Tagged by Agoncillo as the first truly Filipino democrat, Bonifacio saw the need for action against the effeteness of the middle class and its futile reform campaign. Armed with his innate intelligence and experiences of “constantly fighting to live,” he gathered the raging masses into a formidable force championing the cause of economic and political democracy, unmanning the Spanish colonizers.

Bonifacio stopped schooling at the primary level to support his five siblings after their parents died. In between working odd jobs, he persevered to teach himself Spanish and read voraciously. Comparatively, he didn’t have Jose Rizal’s “culture and depth” or Marcelo H. del Pilar’s “gift of healthy satire and barbed wit,” Agoncillo said. But he “was astute and intelligent and spoke Tagalog fluently…Those who didn’t know him wouldn’t think that he was a bodeguero (warehouse keeper),” said Dr. Pio Valenzuela, Bonifacio’s ilustrado friend and compadre, per Agoncillo’s interview with the doctor in 1947.

The Katipunan founder exuded composure and tolerance. In the chaos surrounding his arrest by Col. Agapito Bonzon upon Gen. Emilio Aguinaldo’s order, he advised his men to be calm, reminding them that the soldiers were also their brothers. He didn’t retaliate even when one of his men was shot and “writhing in pain and dying.” Instead, he appealed to the arresting soldiers’ compassion by pointing out that they were both Tagalog.

But Bonifacio was surrounded by cowards. He was already weakened by a gunshot wound in his arm from an exchange of fire between his men and Bonzon’s when Bonzon stabbed him in the larynx with a dagger. To humiliate him further, Bonzon repeatedly tried to rape his wife, Gregoria de Jesus. The lies of Pedro Giron, one of Bonifacio’s own men, led to Bonifacio and his brother Procopio’s execution—truly a tragedy for the nation.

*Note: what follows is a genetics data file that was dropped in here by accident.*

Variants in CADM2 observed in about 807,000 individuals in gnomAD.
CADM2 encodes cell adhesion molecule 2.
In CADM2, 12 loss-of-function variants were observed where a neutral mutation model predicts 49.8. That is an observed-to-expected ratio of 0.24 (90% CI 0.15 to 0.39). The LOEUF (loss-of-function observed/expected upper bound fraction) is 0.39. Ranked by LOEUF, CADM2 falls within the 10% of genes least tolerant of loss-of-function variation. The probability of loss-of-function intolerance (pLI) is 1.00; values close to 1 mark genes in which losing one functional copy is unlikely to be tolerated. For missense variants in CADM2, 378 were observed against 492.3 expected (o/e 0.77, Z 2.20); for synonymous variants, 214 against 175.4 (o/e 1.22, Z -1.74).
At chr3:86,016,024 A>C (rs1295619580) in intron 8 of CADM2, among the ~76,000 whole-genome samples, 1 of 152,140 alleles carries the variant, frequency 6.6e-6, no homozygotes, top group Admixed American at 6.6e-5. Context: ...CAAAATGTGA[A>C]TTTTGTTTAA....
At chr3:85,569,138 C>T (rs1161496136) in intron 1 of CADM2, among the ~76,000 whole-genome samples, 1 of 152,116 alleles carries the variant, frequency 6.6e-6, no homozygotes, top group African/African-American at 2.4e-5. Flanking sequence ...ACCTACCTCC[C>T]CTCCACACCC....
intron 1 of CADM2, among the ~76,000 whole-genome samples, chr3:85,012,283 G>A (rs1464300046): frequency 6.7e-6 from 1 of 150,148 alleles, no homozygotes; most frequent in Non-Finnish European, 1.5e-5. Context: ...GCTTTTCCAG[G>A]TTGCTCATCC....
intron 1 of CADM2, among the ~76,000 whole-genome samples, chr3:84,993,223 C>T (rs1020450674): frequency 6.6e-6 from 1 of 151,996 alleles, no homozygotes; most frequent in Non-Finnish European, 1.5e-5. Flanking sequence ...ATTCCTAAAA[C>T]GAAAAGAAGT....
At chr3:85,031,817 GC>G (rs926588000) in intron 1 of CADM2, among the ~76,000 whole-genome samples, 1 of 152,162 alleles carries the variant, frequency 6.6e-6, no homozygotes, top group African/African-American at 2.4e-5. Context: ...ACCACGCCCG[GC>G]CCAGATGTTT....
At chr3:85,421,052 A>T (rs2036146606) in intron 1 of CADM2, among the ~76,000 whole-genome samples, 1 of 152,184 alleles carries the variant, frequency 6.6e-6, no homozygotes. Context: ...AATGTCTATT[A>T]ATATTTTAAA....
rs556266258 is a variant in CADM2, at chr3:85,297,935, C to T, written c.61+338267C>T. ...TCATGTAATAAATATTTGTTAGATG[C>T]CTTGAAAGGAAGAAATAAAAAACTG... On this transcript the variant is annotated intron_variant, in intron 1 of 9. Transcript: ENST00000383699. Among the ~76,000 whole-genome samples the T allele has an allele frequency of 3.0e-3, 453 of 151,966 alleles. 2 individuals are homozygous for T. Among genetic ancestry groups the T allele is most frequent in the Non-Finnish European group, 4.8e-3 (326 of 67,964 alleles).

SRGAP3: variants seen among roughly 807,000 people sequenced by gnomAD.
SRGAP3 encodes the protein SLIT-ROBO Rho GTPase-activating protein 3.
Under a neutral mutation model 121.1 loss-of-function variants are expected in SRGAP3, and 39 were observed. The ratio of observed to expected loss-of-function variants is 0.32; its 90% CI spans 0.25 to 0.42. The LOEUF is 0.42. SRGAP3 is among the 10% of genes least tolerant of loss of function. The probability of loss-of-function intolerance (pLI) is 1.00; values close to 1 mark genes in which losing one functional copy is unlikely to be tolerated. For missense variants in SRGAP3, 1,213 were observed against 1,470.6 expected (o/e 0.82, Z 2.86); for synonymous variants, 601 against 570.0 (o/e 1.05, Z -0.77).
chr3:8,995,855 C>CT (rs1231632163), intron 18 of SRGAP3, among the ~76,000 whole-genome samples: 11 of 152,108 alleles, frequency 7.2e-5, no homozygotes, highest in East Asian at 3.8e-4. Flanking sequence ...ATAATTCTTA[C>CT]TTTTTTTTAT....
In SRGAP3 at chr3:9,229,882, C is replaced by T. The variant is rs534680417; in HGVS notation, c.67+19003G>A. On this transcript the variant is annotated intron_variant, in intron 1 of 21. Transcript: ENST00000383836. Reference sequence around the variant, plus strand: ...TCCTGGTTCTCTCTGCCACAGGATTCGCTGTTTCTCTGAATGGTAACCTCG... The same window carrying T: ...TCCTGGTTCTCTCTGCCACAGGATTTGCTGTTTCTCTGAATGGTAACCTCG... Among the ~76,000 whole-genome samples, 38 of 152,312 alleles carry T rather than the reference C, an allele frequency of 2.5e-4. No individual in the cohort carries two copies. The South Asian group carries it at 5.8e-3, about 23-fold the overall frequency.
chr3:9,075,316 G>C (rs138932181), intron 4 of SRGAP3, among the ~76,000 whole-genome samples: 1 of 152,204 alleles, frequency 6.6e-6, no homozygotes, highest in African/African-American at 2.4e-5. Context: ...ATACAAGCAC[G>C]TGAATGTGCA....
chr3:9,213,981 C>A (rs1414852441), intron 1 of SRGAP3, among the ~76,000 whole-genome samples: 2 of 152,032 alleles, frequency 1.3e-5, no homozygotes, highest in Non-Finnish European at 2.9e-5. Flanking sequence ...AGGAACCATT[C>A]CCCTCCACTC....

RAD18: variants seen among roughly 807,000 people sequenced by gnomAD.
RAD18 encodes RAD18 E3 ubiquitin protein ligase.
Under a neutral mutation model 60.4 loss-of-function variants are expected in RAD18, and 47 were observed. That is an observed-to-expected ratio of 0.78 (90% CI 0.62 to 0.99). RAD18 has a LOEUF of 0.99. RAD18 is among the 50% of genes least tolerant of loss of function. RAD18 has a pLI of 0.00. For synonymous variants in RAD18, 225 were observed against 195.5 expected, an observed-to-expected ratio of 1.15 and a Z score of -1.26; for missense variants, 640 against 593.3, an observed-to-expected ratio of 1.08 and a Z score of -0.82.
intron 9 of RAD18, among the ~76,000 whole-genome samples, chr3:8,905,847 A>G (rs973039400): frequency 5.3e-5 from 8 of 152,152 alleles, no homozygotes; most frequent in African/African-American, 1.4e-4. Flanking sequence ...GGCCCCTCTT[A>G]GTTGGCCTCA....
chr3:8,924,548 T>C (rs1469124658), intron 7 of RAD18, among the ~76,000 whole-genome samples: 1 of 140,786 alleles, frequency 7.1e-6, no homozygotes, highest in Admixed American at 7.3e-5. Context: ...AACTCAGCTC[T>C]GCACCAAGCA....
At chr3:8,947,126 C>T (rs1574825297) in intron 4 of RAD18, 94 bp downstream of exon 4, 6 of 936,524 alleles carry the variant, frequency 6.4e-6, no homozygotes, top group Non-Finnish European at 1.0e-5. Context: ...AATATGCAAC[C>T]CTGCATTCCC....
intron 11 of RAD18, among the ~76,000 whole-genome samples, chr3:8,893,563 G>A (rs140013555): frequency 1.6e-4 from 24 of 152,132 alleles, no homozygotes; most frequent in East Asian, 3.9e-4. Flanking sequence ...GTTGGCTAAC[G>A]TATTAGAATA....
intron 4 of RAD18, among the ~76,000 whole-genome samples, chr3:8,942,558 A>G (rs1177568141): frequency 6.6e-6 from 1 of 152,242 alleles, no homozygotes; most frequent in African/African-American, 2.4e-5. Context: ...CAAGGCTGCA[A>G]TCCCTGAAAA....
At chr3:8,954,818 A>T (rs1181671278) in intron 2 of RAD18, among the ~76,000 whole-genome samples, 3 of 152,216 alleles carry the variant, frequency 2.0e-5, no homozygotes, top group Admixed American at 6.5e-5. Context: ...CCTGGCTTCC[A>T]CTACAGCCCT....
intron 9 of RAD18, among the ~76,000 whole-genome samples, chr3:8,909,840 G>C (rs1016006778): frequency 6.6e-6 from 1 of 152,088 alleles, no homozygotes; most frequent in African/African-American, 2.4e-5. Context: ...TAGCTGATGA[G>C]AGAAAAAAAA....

The Revolt of the Masses underscores two things. First, Philippine history is a narrative of the fight for independence in which Bonifacio and Rizal figured prominently. Their lives were intertwined: Bonifacio read Rizal’s works, and Rizal’s name became a password of the Katipunan’s third-grade members and its rallying cry.

On Rizal’s part, he agreed in principle with the Katipunan’s six resolutions in breaking free from Spain by force, which Valenzuela presented to him in Dapitan for approval. Later, being told that the fight might proceed even without arms, he told Valenzuela that “…a revolution without arms should never be started against an armed nation. Its consequences will be fatal and disastrous to the country.”

Agoncillo writes that President Ramon Magsaysay stopped its publication after a sectarian leader told him that it was anti-Catholic

Second, the history of The Revolt of the Masses emphasizes the dictum “eternal vigilance is the price of freedom.” The book was published in 1956, eight years after winning a government-sponsored contest on Bonifacio’s life and times in 1948. In the preface of its second edition, Agoncillo writes that President Ramon Magsaysay stopped its publication after a sectarian leader told him that it was anti-Catholic. He adds that its eventual publication was during a period of obscurantism, and when Philippine history was taught based on friar sovereignty.